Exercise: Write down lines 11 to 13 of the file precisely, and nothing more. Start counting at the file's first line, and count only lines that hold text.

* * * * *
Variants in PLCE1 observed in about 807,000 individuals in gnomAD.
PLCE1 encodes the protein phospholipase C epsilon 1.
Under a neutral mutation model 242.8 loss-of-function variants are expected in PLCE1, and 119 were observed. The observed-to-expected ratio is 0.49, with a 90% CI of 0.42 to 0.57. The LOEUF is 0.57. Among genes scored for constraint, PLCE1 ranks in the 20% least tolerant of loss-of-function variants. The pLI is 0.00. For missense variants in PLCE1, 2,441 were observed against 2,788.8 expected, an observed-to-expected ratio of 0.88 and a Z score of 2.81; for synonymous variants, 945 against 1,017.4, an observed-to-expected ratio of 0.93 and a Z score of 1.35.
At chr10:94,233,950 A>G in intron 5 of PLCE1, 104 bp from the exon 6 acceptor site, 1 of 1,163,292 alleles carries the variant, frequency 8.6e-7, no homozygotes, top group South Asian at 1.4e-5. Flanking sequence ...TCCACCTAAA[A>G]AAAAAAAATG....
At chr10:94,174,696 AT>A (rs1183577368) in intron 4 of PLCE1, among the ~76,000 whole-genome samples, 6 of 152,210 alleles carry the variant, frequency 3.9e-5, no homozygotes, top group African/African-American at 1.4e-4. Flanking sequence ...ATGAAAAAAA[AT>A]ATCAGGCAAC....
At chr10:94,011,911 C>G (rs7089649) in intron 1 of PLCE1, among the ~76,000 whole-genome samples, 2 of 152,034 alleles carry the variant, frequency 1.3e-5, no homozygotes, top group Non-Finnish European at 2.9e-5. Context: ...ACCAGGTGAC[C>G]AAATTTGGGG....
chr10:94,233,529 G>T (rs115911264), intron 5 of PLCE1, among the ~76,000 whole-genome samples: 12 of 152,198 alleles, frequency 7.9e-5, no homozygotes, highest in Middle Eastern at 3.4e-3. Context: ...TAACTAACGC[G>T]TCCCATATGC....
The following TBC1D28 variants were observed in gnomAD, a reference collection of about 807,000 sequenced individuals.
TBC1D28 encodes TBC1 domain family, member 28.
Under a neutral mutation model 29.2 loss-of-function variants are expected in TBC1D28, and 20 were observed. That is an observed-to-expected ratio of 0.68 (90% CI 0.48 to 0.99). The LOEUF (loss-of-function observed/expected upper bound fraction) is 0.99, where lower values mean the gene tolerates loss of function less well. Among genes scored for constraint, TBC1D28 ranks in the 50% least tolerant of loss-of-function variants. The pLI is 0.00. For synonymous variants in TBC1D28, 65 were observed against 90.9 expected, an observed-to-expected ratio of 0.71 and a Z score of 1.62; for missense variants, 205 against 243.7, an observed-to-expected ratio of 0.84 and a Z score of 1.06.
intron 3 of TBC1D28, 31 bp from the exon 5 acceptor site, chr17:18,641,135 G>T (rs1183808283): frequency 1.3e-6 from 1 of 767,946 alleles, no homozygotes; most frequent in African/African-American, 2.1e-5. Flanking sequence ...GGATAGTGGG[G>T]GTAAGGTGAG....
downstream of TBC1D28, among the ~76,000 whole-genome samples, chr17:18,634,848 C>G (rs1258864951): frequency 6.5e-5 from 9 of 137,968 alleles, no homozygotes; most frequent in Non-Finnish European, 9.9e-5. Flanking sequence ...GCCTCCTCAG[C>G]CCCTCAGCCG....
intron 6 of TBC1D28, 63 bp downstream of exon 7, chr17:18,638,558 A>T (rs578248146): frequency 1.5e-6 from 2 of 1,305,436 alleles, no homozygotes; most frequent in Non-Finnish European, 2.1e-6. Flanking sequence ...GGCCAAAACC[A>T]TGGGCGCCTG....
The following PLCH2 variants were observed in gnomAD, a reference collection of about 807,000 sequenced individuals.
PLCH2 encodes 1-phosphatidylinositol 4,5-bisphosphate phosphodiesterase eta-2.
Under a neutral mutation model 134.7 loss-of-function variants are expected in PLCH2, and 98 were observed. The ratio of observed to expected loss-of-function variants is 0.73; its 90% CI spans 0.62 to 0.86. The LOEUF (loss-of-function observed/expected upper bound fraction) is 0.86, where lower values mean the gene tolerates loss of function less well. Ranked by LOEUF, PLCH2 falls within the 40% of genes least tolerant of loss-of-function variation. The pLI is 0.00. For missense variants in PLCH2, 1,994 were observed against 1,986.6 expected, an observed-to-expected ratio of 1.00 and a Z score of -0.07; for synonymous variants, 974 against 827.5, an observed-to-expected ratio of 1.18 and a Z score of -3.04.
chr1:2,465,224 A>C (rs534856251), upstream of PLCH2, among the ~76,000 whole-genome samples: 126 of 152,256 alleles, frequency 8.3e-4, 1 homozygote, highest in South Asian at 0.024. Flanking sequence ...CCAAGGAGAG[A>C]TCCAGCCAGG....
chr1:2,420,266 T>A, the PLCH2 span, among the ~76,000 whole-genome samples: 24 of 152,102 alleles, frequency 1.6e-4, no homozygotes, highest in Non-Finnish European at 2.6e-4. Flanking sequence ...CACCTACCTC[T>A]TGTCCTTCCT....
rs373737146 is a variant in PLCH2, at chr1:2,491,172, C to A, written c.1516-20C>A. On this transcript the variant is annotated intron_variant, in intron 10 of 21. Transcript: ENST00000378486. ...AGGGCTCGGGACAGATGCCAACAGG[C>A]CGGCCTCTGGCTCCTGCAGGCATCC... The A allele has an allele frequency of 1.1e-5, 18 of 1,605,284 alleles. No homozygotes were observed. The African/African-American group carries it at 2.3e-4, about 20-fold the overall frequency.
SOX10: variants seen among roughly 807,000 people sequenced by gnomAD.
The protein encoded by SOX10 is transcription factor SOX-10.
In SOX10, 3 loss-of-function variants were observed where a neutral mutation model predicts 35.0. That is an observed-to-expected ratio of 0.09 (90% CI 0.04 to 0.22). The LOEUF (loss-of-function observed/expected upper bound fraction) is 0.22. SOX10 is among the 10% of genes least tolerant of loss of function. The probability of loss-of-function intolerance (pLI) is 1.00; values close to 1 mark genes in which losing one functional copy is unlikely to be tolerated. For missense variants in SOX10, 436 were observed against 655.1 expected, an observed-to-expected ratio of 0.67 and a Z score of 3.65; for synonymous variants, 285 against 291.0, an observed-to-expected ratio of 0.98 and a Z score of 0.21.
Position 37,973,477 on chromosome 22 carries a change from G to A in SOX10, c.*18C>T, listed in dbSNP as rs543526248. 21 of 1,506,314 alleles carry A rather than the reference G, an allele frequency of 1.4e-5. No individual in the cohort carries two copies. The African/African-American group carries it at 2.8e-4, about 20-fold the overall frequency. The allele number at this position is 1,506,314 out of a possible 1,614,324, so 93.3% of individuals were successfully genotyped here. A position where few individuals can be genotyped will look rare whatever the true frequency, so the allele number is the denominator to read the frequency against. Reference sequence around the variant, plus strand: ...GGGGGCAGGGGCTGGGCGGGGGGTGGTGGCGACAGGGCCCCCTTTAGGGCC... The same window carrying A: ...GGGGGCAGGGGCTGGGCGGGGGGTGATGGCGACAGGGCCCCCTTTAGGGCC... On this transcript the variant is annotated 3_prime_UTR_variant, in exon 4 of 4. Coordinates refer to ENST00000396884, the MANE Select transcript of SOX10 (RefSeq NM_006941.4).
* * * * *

intron 3 of TBC1D28, 31 bp from the exon 5 acceptor site, chr17:18,641,135 G>T (rs1183808283): frequency 1.3e-6 from 1 of 767,946 alleles, no homozygotes; most frequent in African/African-American, 2.1e-5. Flanking sequence ...GGATAGTGGG[G>T]GTAAGGTGAG....
downstream of TBC1D28, among the ~76,000 whole-genome samples, chr17:18,634,848 C>G (rs1258864951): frequency 6.5e-5 from 9 of 137,968 alleles, no homozygotes; most frequent in Non-Finnish European, 9.9e-5. Flanking sequence ...GCCTCCTCAG[C>G]CCCTCAGCCG....
intron 6 of TBC1D28, 63 bp downstream of exon 7, chr17:18,638,558 A>T (rs578248146): frequency 1.5e-6 from 2 of 1,305,436 alleles, no homozygotes; most frequent in Non-Finnish European, 2.1e-6. Flanking sequence ...GGCCAAAACC[A>T]TGGGCGCCTG....